Some 2-3% of preschool-age children suffer from cow’s milk allergy and, although most outgrow it, for about 20% it persists into adolescence and adulthood. Treatment consists of avoidance and emergency medications like epinephrine to treat reactions.
New research suggests that children with severe allergy to cow’s milk — those who may not be candidates for the standard clinical practice of introducing baked milk into their diets — may be able to tolerate small quantities of baked milk after 12 months of oral immunotherapy (OIT) using baked milk.
According to Dr Jennifer Dantzer, assistant professor of pediatrics in the Division of Pediatric Allergy, Immunology, and Rheumatology at Johns Hopkins School of Medicine in Baltimore, cow’s milk is the most common food allergy in young children and:
…for many, it’s a constant stressor that’s always there. For a lot of families, this impacts where they eat out, if they eat out, and sometimes where they vacation, or a lot of the social activities they do.
This was a unique group of kids with a very severe milk phenotype who were reactive to teeny doses and may not have qualified or done well with other types of oral immunotherapy. Using a modified allergen — baked milk — seems to work. But for now, we think this is something that still needs further research before it’s ready for a clinical setting.
Results after 12 months of the 24-month study were recently published in The Journal of Allergy and Clinical Immunology.
This trial stands out from prior research by starting with lower doses and employing a more gradual updosing schedule of extensively heated milk to determine whether OIT could provide a safer alternative.
Dantzer and her research team randomly assigned 30 participants 3-18 years of age to two blinded groups. One group received baked milk OIT for 12 months, the other a placebo. All participants at baseline had a wheal diameter of ≥ 3mm to as skin prick test for milk and their cow’s milk IgE was > 5kU/L. All the children participating experience positive dose-limiting reactions of < 1tbsp of baked milk protein but could tolerate at least 3mg on initial updosing.
Measured doses of baked milk and placebo powders were provided to participants for doses consumed at home and they were given instructions on how to prepare it in cupcake or muffin batter. Over 12 months, doses were gradually increased to a maximum cumulative dose of 4044 mg baked milk protein — about a half tablespoon.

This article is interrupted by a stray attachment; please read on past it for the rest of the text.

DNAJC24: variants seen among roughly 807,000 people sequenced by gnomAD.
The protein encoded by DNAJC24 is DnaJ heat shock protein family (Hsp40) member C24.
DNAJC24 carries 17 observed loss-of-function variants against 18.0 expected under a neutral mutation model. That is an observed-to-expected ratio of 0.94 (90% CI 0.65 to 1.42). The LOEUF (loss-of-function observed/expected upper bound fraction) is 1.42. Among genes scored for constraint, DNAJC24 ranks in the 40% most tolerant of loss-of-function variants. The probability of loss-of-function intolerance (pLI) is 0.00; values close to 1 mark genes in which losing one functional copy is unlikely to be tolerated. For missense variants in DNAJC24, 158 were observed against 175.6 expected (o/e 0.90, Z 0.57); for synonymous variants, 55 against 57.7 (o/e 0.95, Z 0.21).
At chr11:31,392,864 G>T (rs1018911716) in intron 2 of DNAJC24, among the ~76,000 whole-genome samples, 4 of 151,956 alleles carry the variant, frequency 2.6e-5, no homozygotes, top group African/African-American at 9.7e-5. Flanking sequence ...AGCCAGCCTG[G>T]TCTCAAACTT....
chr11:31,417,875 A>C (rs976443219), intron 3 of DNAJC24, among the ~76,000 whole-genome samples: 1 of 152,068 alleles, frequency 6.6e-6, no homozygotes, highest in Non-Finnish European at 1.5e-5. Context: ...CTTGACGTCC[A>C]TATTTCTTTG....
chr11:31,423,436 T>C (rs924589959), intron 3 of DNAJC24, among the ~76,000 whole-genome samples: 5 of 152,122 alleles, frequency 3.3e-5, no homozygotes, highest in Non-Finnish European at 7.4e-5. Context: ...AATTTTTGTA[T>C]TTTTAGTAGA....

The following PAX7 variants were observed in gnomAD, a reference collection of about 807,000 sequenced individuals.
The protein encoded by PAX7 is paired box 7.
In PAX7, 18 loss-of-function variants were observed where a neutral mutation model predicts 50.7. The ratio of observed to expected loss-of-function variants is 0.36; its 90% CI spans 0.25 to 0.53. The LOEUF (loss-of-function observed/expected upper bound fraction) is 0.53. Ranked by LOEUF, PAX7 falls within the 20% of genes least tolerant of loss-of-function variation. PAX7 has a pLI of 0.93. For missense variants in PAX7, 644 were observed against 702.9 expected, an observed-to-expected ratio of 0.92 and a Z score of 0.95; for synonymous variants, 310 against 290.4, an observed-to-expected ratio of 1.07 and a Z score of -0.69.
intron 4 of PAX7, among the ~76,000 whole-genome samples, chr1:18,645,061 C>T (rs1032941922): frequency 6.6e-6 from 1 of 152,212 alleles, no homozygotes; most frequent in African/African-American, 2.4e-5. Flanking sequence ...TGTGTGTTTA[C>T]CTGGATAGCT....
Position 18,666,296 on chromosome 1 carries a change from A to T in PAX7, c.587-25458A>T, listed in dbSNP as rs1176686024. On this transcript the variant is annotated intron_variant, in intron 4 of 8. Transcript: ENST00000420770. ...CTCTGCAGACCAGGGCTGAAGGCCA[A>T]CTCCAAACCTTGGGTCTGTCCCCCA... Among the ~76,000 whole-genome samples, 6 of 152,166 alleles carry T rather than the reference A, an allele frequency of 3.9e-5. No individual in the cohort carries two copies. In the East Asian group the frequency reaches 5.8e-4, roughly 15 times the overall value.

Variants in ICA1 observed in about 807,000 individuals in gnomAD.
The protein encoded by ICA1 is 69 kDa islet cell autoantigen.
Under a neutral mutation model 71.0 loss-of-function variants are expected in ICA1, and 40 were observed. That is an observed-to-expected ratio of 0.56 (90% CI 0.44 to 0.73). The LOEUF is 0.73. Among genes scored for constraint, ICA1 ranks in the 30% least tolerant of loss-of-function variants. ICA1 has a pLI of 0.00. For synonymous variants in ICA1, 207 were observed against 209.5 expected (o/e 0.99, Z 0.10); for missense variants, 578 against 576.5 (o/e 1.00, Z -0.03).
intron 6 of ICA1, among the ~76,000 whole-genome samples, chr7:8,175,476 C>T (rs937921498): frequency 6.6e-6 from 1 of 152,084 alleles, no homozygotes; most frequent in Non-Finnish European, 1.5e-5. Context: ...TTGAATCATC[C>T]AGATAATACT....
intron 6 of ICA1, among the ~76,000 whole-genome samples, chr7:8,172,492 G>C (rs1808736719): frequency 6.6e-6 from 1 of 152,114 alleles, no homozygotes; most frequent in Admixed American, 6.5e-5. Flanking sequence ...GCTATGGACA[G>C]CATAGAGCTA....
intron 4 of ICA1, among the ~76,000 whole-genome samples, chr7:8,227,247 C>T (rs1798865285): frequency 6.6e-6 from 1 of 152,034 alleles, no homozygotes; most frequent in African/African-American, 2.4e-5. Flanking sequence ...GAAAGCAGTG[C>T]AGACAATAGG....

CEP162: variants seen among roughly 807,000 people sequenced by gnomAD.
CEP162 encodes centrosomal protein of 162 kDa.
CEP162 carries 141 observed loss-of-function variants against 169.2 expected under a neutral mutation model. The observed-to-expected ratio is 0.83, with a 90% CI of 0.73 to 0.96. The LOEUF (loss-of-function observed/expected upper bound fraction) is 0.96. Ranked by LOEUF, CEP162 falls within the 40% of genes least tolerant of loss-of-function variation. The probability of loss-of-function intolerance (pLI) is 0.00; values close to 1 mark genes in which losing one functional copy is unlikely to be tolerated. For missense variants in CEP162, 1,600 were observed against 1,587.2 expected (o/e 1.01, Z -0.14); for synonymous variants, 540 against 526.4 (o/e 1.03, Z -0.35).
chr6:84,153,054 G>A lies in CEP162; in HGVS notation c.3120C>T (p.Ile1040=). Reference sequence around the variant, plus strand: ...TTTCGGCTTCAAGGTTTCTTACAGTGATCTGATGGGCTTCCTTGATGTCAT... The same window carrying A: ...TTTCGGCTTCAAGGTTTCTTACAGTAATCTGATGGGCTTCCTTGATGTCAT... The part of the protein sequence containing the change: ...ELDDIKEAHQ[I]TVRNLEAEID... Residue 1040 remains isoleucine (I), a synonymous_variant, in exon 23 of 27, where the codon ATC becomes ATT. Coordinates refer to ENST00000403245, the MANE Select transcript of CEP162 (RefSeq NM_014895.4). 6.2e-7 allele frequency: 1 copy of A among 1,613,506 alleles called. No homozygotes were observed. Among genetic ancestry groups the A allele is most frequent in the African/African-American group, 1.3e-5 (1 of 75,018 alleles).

The researchers collected blood samples from the participants and they and their parents completed quality-of-life questionnaires to gauge food allergy anxiety, social and dietary limitations, emotional impact, risk for accidental ingestion, and allergen avoidance.
14 of 15 participants in the treatment group achieved the maintenance dose of 2000mg (1/4 tbsp) of baked milk protein. Of those, 11 were able to tolerate 4000mg of baked milk protein vs none in the placebo group.
Most in the treatment group reported improvement in at least one quality-of-life metric while more in the placebo group reported improvements only in the emotional impact domain.
We anticipated that by starting with really small amounts, we would be able to build up the amount of baked milk these kids could tolerate. We were very pleased by how many could reach the maximal dose at the end of the first year. Once we get the results of the second year, that will provide a lot of additional detail about how this translates into unheated milk amounts they can tolerate and introduce into their diet at home.
While adverse effects such as gastrointestinal issues occurred in both groups of participants, the vast majority were mild. Fewer than 1% of dosing-related reactions were severe while four participants required epinephrine over the course of the first 12 months.
This highlights how this needs to be done by someone comfortable and trained, and not by a family at home on their own. But potentially in the future, this concept of using a modified allergen could be applied to more kids with milk allergy.
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